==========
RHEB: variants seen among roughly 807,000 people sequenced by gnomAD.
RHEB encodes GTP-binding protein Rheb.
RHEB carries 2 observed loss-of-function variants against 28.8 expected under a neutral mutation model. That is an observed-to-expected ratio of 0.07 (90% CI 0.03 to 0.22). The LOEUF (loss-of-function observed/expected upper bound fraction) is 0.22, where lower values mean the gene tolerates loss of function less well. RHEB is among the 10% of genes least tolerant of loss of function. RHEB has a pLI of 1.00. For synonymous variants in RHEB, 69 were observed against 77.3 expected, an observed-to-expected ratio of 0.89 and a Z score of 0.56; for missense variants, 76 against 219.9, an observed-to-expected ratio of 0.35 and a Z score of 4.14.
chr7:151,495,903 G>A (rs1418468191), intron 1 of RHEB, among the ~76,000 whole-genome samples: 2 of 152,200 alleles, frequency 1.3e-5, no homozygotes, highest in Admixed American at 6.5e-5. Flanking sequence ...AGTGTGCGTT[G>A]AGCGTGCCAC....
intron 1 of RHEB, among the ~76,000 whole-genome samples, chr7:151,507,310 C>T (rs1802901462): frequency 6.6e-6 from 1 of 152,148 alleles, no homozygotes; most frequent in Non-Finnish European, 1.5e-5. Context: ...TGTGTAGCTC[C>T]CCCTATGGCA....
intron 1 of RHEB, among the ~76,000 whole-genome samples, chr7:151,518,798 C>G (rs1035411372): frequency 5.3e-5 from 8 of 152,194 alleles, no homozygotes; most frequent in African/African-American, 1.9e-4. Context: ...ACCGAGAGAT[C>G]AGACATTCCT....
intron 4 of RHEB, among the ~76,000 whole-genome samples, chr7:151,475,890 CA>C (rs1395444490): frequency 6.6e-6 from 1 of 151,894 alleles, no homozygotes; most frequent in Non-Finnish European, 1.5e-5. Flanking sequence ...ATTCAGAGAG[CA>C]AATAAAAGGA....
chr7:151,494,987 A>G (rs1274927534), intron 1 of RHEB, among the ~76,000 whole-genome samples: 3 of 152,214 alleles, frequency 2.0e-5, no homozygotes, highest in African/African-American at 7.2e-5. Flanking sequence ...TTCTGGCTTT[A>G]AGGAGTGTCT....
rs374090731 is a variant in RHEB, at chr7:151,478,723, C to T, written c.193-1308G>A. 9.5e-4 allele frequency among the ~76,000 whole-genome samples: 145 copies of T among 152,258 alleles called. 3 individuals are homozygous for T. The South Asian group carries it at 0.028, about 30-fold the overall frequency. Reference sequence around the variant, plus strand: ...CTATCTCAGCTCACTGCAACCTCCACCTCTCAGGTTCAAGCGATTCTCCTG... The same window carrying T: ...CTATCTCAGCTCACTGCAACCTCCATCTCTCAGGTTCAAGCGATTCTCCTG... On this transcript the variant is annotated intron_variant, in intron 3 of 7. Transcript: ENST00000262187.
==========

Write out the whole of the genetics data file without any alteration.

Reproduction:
RHEB: variants seen among roughly 807,000 people sequenced by gnomAD.
RHEB encodes GTP-binding protein Rheb.
RHEB carries 2 observed loss-of-function variants against 28.8 expected under a neutral mutation model. That is an observed-to-expected ratio of 0.07 (90% CI 0.03 to 0.22). The LOEUF (loss-of-function observed/expected upper bound fraction) is 0.22, where lower values mean the gene tolerates loss of function less well. RHEB is among the 10% of genes least tolerant of loss of function. RHEB has a pLI of 1.00. For synonymous variants in RHEB, 69 were observed against 77.3 expected, an observed-to-expected ratio of 0.89 and a Z score of 0.56; for missense variants, 76 against 219.9, an observed-to-expected ratio of 0.35 and a Z score of 4.14.
chr7:151,495,903 G>A (rs1418468191), intron 1 of RHEB, among the ~76,000 whole-genome samples: 2 of 152,200 alleles, frequency 1.3e-5, no homozygotes, highest in Admixed American at 6.5e-5. Flanking sequence ...AGTGTGCGTT[G>A]AGCGTGCCAC....
intron 1 of RHEB, among the ~76,000 whole-genome samples, chr7:151,507,310 C>T (rs1802901462): frequency 6.6e-6 from 1 of 152,148 alleles, no homozygotes; most frequent in Non-Finnish European, 1.5e-5. Context: ...TGTGTAGCTC[C>T]CCCTATGGCA....
intron 1 of RHEB, among the ~76,000 whole-genome samples, chr7:151,518,798 C>G (rs1035411372): frequency 5.3e-5 from 8 of 152,194 alleles, no homozygotes; most frequent in African/African-American, 1.9e-4. Context: ...ACCGAGAGAT[C>G]AGACATTCCT....
intron 4 of RHEB, among the ~76,000 whole-genome samples, chr7:151,475,890 CA>C (rs1395444490): frequency 6.6e-6 from 1 of 151,894 alleles, no homozygotes; most frequent in Non-Finnish European, 1.5e-5. Flanking sequence ...ATTCAGAGAG[CA>C]AATAAAAGGA....
chr7:151,494,987 A>G (rs1274927534), intron 1 of RHEB, among the ~76,000 whole-genome samples: 3 of 152,214 alleles, frequency 2.0e-5, no homozygotes, highest in African/African-American at 7.2e-5. Flanking sequence ...TTCTGGCTTT[A>G]AGGAGTGTCT....
rs374090731 is a variant in RHEB, at chr7:151,478,723, C to T, written c.193-1308G>A. 9.5e-4 allele frequency among the ~76,000 whole-genome samples: 145 copies of T among 152,258 alleles called. 3 individuals are homozygous for T. The South Asian group carries it at 0.028, about 30-fold the overall frequency. Reference sequence around the variant, plus strand: ...CTATCTCAGCTCACTGCAACCTCCACCTCTCAGGTTCAAGCGATTCTCCTG... The same window carrying T: ...CTATCTCAGCTCACTGCAACCTCCATCTCTCAGGTTCAAGCGATTCTCCTG... On this transcript the variant is annotated intron_variant, in intron 3 of 7. Transcript: ENST00000262187.